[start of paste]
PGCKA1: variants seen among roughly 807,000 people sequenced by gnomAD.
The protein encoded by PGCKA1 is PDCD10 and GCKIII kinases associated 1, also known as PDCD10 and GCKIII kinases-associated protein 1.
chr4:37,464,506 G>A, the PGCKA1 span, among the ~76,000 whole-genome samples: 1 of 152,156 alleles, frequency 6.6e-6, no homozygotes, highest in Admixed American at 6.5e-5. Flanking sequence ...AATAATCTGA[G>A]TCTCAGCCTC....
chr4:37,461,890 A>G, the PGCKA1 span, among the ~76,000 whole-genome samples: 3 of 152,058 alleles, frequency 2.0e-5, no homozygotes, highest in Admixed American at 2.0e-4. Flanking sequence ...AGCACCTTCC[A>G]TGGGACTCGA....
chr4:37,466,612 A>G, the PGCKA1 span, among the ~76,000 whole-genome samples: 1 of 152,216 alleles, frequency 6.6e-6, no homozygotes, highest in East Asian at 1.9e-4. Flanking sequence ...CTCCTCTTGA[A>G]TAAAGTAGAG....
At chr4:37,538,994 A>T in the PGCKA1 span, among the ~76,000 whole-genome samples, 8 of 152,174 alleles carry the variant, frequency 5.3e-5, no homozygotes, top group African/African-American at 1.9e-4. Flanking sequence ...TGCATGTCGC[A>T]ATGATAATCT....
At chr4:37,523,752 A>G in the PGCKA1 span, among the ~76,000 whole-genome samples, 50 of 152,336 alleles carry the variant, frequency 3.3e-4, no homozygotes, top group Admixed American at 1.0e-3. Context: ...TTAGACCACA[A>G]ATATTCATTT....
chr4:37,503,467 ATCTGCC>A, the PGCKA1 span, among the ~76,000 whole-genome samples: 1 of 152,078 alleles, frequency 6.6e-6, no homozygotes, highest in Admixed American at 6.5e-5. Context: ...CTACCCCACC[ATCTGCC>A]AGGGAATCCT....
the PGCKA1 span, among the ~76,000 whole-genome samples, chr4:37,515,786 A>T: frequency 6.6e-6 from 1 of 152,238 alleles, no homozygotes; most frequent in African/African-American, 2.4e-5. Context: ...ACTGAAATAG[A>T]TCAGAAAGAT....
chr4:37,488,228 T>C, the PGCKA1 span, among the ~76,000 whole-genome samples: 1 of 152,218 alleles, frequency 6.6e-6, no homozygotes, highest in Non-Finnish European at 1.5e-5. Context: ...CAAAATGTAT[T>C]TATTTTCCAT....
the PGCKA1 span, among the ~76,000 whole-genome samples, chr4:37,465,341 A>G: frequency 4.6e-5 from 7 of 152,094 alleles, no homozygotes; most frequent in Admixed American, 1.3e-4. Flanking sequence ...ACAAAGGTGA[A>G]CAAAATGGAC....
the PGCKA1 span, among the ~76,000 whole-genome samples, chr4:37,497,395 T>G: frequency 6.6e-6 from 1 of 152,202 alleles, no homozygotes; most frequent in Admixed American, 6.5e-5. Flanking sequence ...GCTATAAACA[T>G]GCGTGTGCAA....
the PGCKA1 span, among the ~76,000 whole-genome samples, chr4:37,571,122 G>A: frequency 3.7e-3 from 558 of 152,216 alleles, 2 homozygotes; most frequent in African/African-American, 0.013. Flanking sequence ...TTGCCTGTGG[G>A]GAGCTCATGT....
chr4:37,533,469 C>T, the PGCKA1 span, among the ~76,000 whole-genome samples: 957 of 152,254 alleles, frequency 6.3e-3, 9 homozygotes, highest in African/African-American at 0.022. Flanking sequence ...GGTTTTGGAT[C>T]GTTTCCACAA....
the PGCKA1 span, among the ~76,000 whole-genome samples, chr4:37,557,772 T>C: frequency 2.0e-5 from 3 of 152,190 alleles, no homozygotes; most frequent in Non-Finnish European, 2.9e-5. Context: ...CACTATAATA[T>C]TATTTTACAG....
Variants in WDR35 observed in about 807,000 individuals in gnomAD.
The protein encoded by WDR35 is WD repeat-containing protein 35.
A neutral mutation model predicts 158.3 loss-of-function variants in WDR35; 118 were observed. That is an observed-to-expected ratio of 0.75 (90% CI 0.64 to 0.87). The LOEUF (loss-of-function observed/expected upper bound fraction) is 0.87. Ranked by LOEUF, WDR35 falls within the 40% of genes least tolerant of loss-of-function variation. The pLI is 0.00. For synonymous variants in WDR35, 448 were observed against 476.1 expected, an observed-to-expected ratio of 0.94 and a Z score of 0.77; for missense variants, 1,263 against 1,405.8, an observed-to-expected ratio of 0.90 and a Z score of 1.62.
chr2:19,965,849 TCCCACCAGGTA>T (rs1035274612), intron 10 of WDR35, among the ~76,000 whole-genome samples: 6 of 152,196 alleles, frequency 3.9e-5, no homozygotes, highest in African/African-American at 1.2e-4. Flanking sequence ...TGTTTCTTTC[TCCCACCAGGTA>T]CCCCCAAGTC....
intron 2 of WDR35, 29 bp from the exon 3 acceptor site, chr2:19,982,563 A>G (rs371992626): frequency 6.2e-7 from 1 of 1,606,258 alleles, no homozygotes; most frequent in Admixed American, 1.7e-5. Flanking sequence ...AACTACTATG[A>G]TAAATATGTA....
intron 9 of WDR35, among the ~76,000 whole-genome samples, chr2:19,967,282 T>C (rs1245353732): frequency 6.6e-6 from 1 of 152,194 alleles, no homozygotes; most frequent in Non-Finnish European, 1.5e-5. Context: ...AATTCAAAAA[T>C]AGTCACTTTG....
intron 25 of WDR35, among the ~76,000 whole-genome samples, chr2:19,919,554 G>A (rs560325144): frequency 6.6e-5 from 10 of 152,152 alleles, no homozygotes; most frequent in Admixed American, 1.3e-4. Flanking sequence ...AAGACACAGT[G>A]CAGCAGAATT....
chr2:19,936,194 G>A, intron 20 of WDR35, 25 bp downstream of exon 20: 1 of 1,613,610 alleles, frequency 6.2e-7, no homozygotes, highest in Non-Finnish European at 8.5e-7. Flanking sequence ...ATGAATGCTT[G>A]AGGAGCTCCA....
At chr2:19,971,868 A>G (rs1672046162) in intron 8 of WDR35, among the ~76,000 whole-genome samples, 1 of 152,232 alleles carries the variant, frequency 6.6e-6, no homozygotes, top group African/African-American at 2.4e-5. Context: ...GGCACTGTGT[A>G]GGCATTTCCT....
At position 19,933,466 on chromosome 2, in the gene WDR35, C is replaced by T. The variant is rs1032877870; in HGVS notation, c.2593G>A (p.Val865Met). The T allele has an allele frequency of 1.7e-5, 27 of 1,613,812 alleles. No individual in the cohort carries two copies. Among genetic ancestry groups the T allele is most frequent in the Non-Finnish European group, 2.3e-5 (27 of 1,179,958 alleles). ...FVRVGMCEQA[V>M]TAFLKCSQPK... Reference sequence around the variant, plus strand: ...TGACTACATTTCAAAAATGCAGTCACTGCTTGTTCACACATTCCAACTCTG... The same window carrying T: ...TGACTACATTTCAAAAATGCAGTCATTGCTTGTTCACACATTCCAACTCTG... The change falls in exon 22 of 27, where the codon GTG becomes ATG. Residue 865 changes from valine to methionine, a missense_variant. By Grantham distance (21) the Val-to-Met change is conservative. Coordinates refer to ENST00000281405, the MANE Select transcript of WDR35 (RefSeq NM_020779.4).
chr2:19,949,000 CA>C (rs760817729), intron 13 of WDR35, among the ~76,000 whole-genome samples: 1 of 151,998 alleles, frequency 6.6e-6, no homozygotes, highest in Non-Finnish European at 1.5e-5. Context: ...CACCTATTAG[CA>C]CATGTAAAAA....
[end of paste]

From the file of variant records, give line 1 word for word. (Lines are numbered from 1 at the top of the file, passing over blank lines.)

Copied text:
PGCKA1: variants seen among roughly 807,000 people sequenced by gnomAD.